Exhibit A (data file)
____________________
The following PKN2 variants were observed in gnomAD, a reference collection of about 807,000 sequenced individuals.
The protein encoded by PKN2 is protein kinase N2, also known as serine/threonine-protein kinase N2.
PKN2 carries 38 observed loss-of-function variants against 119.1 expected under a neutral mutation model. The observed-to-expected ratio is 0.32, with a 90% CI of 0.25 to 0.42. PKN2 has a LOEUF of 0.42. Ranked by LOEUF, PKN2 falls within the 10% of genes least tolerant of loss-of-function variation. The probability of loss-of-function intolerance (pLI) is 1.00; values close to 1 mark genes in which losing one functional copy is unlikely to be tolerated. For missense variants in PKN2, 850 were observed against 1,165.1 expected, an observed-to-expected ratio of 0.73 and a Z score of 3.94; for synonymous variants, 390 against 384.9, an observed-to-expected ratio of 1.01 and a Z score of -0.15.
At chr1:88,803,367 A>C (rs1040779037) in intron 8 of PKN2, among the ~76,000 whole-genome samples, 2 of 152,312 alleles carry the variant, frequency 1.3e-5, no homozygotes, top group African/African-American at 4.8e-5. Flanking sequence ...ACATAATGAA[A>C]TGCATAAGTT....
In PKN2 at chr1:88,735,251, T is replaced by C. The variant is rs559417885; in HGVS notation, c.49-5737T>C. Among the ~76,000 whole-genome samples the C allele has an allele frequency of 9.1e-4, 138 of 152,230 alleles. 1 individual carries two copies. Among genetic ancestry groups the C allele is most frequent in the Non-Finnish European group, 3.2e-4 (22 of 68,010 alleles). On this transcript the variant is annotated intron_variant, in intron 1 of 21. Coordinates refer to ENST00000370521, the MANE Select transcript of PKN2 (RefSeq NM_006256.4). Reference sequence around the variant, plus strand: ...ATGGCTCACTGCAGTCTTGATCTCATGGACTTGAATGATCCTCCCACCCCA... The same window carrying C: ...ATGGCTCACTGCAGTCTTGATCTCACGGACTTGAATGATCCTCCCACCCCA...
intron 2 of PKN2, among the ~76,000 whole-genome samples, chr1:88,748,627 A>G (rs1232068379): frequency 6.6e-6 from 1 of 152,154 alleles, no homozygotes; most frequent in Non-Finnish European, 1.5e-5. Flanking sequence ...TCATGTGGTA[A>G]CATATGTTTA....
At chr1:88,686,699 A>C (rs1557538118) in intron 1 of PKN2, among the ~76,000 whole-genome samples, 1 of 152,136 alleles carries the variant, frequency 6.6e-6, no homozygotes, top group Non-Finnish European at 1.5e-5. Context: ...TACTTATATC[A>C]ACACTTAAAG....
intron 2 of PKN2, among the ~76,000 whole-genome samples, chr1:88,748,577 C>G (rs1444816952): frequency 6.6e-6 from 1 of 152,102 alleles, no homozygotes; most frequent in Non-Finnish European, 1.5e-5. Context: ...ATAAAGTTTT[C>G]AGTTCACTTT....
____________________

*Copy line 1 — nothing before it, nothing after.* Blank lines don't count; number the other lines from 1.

The following PKN2 variants were observed in gnomAD, a reference collection of about 807,000 sequenced individuals.